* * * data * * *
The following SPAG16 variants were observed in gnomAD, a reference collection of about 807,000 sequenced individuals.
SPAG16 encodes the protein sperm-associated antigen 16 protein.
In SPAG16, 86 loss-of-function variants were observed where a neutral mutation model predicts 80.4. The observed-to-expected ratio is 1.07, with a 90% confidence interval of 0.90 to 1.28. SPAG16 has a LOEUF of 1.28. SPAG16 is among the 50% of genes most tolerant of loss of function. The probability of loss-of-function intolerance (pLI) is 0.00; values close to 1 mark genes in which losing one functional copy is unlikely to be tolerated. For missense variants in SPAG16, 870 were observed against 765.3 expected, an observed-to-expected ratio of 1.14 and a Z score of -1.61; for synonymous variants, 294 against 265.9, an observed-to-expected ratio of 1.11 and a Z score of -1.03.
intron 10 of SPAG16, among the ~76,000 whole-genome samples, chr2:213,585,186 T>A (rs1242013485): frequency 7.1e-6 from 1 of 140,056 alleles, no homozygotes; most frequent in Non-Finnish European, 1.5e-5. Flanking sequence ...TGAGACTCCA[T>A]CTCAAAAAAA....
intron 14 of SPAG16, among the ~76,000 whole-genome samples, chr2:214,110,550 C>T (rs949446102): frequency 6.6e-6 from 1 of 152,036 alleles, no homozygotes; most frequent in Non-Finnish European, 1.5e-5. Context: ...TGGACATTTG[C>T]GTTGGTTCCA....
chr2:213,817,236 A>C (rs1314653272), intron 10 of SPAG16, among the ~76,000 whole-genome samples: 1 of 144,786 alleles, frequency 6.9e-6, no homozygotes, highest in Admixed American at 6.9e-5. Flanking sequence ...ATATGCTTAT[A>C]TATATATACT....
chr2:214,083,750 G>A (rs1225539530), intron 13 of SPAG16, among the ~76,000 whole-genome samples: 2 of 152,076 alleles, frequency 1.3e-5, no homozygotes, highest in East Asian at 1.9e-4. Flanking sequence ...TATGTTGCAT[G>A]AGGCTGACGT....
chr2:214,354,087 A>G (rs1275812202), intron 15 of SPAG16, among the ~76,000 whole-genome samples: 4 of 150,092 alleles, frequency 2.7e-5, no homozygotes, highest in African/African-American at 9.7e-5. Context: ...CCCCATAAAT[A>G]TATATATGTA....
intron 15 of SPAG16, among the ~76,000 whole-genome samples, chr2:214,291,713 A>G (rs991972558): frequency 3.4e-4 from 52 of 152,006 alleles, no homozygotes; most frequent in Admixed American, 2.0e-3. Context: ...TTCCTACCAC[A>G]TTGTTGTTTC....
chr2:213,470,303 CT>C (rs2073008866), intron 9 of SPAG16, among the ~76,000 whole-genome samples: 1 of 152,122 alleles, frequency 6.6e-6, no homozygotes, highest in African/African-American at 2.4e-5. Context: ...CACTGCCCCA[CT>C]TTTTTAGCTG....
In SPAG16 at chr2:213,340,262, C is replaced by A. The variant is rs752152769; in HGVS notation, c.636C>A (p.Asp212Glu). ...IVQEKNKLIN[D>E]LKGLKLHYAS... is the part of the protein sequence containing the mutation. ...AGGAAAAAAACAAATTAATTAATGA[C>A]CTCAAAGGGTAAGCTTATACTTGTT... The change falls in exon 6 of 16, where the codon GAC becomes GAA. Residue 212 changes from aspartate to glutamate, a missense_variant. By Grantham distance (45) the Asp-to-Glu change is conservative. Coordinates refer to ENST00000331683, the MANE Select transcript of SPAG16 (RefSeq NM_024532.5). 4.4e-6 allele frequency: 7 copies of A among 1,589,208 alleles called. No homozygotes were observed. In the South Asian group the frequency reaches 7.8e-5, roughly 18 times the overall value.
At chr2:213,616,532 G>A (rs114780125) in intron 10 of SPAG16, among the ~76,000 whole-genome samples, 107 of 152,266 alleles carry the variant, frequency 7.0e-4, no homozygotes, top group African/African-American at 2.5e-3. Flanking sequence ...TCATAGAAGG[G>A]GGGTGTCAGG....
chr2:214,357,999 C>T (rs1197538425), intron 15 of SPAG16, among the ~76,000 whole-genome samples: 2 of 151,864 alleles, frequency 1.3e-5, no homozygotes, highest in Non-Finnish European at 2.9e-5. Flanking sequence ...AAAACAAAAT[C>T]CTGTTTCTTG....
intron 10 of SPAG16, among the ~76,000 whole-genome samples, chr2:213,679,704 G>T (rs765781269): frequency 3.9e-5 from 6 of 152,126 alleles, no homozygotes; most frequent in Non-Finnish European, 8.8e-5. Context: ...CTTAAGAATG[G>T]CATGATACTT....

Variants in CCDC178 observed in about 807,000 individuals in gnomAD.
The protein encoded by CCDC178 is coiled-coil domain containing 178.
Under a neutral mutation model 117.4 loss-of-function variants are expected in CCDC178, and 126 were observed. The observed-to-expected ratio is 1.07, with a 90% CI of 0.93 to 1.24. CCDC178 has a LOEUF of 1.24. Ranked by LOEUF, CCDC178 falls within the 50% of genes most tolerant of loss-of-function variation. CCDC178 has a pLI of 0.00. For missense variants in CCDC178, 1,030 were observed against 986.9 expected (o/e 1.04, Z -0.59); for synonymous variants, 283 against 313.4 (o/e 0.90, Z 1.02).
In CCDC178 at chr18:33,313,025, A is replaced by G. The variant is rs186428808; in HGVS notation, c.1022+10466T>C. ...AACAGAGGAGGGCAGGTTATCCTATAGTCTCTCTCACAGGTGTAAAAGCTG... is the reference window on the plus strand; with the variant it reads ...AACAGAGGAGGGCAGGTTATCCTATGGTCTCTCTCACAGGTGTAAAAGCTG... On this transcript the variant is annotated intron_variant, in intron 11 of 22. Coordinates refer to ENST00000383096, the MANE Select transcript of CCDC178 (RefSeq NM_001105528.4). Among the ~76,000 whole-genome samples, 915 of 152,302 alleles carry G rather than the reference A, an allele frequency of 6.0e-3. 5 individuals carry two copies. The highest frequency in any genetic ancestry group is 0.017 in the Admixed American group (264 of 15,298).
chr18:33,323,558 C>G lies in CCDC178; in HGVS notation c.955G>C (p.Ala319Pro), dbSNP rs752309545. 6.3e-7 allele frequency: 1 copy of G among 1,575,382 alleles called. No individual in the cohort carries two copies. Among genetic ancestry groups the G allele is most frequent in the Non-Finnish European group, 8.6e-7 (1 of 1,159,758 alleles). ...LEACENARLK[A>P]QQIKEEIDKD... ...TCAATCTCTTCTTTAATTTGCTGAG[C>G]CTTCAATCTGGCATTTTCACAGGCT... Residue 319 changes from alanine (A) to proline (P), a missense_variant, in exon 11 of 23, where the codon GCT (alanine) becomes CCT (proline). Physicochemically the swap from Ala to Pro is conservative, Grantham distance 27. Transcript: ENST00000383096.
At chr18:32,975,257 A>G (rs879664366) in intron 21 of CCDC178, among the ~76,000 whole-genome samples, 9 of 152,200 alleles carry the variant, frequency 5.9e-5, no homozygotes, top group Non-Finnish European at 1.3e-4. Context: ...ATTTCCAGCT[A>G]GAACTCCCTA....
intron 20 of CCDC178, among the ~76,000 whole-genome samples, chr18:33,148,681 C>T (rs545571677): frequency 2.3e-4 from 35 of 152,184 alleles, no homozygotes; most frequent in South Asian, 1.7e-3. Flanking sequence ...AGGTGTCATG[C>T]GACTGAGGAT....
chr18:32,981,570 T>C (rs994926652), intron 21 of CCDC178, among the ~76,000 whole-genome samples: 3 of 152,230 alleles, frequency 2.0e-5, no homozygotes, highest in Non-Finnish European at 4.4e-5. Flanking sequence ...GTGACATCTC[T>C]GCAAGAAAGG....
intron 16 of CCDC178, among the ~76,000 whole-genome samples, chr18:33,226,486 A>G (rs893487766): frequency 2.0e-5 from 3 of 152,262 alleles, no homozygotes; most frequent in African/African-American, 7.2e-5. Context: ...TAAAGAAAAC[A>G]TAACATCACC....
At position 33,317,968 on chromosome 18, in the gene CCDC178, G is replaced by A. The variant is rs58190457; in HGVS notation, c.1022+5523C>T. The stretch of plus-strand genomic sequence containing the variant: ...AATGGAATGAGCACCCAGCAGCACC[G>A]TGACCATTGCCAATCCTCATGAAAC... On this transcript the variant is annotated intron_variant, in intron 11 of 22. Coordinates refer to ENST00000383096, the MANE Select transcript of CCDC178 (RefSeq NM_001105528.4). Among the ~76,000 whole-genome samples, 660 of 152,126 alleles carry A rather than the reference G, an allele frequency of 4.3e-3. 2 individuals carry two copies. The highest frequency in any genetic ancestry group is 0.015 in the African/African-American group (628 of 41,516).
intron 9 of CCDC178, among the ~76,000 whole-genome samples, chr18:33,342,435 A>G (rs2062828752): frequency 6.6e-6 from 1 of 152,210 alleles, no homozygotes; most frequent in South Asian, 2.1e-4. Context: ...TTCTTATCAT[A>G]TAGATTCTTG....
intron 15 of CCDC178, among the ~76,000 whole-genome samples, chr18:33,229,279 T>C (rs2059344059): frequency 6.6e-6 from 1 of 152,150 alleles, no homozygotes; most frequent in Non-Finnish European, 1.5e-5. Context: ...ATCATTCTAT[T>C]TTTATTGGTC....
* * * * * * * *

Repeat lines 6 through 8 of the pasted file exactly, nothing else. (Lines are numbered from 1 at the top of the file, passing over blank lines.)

chr2:213,817,236 A>C (rs1314653272), intron 10 of SPAG16, among the ~76,000 whole-genome samples: 1 of 144,786 alleles, frequency 6.9e-6, no homozygotes, highest in Admixed American at 6.9e-5. Flanking sequence ...ATATGCTTAT[A>C]TATATATACT....
chr2:214,083,750 G>A (rs1225539530), intron 13 of SPAG16, among the ~76,000 whole-genome samples: 2 of 152,076 alleles, frequency 1.3e-5, no homozygotes, highest in East Asian at 1.9e-4. Flanking sequence ...TATGTTGCAT[G>A]AGGCTGACGT....
chr2:214,354,087 A>G (rs1275812202), intron 15 of SPAG16, among the ~76,000 whole-genome samples: 4 of 150,092 alleles, frequency 2.7e-5, no homozygotes, highest in African/African-American at 9.7e-5. Context: ...CCCCATAAAT[A>G]TATATATGTA....